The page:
Sequencing and comparison of yeast species to identify genes and regulatory elements


Identifying the functional elements encoded in a genome is one of the principal challenges in modern biology. Comparative genomics should offer a powerful, general approach. Here, we present a comparative analysis of the yeast Saccharomyces cerevisiae based on high-quality draft sequences of three related species (S. paradoxus, S. mikatae and S. bayanus). We first aligned the genomes and characterized their evolution, defining the regions and mechanisms of change. We then developed methods for direct identification of genes and regulatory motifs. The gene analysis yielded a major revision to the yeast gene catalogue, affecting approximately 15% of all genes and reducing the total count by about 500 genes. The motif analysis automatically identified 72 genome-wide elements, including most known regulatory motifs and numerous new motifs. We inferred a putative function for most of these motifs, and provided insights into their combinatorial interactions. The results have implications for genome analysis of diverse organisms, including the human.

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Figure 1: Aligned ORFs across four species. A 50-kb segment of S. cerevisiae chromosome VII aligned with orthologous contigs from each of the other three species.
Figure 2: Genome evolution.
Figure 3: Evolutionary tree of the four yeast species.
Figure 4: Spurious ORF rejected by RFC test.
Figure 5: Examples of proposed changes in gene structure.
Figure 6: Conservation in the GAL1GAL10 intergenic region.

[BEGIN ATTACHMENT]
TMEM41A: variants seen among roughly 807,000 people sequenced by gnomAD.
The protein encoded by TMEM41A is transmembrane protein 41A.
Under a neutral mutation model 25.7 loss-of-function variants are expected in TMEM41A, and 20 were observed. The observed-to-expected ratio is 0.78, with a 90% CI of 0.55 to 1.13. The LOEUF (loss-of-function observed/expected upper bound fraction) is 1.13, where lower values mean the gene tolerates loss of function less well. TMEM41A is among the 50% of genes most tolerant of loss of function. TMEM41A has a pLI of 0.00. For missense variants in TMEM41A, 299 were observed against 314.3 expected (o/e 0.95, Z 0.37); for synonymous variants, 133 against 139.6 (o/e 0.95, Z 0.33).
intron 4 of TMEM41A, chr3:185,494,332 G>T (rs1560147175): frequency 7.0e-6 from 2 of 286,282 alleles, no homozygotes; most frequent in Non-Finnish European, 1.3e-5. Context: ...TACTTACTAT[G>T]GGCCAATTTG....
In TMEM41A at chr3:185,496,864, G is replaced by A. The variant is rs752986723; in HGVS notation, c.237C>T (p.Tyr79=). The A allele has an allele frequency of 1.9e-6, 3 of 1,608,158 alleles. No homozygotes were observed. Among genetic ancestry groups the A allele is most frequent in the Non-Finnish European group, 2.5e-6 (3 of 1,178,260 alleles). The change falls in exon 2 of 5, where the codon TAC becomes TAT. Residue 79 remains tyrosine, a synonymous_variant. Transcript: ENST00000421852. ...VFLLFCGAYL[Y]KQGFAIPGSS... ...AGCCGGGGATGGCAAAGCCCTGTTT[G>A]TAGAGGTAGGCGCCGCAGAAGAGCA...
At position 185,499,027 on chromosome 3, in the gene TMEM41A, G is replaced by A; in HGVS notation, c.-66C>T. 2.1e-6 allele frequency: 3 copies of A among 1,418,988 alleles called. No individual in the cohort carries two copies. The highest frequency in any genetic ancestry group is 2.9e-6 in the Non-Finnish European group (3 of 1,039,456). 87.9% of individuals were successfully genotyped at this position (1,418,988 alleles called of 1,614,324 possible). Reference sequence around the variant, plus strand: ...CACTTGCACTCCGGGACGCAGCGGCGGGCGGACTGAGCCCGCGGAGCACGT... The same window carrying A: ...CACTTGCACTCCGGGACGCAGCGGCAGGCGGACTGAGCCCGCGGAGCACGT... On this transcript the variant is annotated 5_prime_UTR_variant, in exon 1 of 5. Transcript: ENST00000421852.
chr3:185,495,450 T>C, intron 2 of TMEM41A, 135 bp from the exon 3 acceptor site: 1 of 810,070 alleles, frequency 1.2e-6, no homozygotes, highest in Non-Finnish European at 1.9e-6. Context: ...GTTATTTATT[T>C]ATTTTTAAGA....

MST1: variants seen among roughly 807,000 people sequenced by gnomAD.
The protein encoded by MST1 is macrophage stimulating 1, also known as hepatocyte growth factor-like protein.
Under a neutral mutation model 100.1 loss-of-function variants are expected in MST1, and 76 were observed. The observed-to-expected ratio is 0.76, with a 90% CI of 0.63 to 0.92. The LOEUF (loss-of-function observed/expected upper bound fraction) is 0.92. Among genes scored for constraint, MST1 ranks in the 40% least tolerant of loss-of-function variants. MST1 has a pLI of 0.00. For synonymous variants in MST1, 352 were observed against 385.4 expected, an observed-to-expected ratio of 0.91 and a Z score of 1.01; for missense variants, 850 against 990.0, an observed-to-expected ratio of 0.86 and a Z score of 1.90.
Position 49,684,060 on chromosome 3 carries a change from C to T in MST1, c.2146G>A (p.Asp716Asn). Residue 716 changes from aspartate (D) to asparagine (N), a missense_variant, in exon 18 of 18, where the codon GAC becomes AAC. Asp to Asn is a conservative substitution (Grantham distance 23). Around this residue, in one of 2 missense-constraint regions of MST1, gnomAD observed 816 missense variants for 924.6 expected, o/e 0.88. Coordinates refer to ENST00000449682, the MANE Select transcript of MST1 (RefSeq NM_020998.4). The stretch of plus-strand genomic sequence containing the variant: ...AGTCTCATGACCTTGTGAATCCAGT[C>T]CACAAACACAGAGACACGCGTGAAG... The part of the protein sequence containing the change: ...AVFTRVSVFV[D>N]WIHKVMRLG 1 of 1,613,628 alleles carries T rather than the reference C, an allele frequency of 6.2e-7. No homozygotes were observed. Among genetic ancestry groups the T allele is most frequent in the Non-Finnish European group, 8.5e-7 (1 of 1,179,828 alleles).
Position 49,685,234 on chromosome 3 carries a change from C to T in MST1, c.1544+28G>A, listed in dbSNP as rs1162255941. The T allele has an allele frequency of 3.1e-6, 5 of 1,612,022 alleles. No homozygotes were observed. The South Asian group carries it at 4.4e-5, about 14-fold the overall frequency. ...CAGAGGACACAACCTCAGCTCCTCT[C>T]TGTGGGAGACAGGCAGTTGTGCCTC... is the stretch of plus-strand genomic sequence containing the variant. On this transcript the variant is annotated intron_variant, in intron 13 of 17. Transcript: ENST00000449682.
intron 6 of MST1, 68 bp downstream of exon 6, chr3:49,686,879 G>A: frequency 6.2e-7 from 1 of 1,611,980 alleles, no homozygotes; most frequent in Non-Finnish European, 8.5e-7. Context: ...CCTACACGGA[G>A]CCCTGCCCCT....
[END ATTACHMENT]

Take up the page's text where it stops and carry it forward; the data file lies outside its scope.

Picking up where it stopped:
Figure 7: Distribution of motifs by conservation score.


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We thank D. Botstein, M. Cherry, K. Dolinski, D. Fisk, S. Weng and other members of the Saccharomyces Genome Database staff for assistance with SGD, for making our data available to the community through SGD, and for discussions; J. Butler, S. Calvo, J. Galagan, D. Jaffe, J. Lehar and L. Jun Ma for technical advice and discussions; the staff of the Whitehead/MIT Center for Genome Research Sequencing Center who generated the shotgun sequence from the three yeast species; T. Lee, N. Rinaldi, R. Young and J. Zeitlinger for sharing data about chromatin immunoprecipitation experiments and for discussions; M. Eisen and A. Gasch for sharing information about gene expression clusters and for discussions; E. Louis and I. Roberts for providing yeast strains and discussions; B. Berger, G. Fink, D. Gifford, S. Lindquist and H. True-Krobb for discussions; and L. Gaffney for assistance with figures.

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Correspondence to Manolis Kellis or Eric S. Lander.

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The authors declare that they have no competing financial interests.

Supplementary information

Supplementary Figure 1: nucleotide alignment for Figure 4 (PDF 124 kb)

Supplementary Figure 2: nucleotide alignment for Figures 5a, 5b, 5c (PDF 890 kb)

Supplementary Figure 3: nucleotide alignment for Figures 5d, 5e (PDF 1548 kb)

Supplementary methods and index to author’s website (DOC 71 kb)

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